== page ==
Cold Weather

Cold Weather

Clean warm socks can mean live or death in the winter and humanitarian companies offer 1 for 1 purchase donating to those who are struggling.


By Bruce Gilden

Temperatures are dropping this time of year in many parts of the world. As it gets colder and colder outside, one group in particular faces new and dangerous challenges: those who are homeless.

Homelessness is a serious issue throughout the year, but it becomes even more pressing in the winter months. For people living on the street, colder temperatures and wet weather can pose serious risks—even when the weather doesn’t seem extreme to the general public.

This graph from the US National Oceanic and Atmospheric Association, or NOAA. According to this illustration, temperatures of 30℉ with winds of 15 miles per hour drop the wind chill temperature down to 19℉. At that temperature, frostbite can affect exposed skin in as little as 30 minutes.
Fredy Holzer

Frostbite isn’t the only danger homeless individuals face. Hypothermia can quickly set in if the body temperature drops below 90℉. Which happens more quickly as the wind chill increases. Wet weather can soak limited clothing, further increasing the risk of hypothermia and frostbite, as well as a myriad of other health concerns.

One of the main recommendations by the NOAA involves dressing in layers and covering exposed skin. The more skin that is exposed, the greater effect the wind chill can have. But for many of our neighbors who are homeless, layering up is more complicated—they might only have the clothes on their back.

And while people who are homeless struggle to get many things they need, inadequate clothing can have disastrous effects. In January 2018, a nationwide cold front in the United States and in one week, twelve people passed away due to extreme cold, according to AP News. The cold isn’t just uncomfortable; it can become life-threatening.

This is a sobering reality and one that spans different regions and even different countries. But how can we help?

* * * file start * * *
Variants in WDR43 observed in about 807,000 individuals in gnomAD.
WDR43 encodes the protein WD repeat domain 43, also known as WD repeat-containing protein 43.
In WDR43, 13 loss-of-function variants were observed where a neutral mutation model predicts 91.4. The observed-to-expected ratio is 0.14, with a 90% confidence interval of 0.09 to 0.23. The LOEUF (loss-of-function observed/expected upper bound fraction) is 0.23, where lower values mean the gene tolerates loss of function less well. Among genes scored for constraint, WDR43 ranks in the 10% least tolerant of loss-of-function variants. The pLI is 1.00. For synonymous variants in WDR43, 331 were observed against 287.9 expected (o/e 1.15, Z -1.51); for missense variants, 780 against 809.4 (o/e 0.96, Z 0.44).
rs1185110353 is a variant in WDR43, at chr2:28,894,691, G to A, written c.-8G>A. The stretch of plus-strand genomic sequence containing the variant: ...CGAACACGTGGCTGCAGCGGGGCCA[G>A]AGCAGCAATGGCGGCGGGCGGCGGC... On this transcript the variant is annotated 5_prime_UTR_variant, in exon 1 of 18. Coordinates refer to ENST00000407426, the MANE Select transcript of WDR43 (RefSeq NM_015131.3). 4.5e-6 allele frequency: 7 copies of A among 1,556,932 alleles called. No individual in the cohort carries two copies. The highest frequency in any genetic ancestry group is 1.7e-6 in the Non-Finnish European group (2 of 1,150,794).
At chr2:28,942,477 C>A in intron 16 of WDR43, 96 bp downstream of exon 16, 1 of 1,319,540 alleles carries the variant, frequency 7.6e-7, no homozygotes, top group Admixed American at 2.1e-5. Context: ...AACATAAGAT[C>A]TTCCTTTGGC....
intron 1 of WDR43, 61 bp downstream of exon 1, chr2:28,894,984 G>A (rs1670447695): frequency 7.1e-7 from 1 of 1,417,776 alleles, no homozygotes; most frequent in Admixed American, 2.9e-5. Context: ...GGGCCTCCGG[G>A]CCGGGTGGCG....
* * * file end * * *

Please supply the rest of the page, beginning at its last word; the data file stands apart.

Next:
According to the sock company Bombas, socks are the most requested item at homeless shelters. Clean, warm, and dry socks are essential to help those who are homeless stay warm and healthy. So Bombas donates a pair of socks for every pair that is purchased. Their contributions make their way into homeless shelters, food banks, and community centers throughout the United States, and then into the hands of struggling people.

Socks are only part of the solution—coats, hats, and gloves are also essential to protect people from the wind and cold. Another issue that many have brought up lately has revolved around when warming shelters open. Many communities set a certain threshold, such as 30℉, before shelters are available. Homelessness advocates have been pushing to open them sooner, as even 40℉ weather can be dangerous for people without adequate clothing.

Next time you buy socks consider yourself a pair, and someone else a pair. And advocate for the opening of shelters more quickly in the winter keeping our friends warm and safe this difficult time of year.

| Written by Benjamin Hoekstra

| Visuals by Bruce Gilden, Fredy Holzer, LATimes


Nov. 8, 1982: Don Dammer peers up from his bed, a mattress on dirt beneath an overpass on the Hollywood Freeway. Behind Kammer are other mattresses with one sleeping neighbor. This photo was published in the Nov. 21, 1982 Los Angeles Times.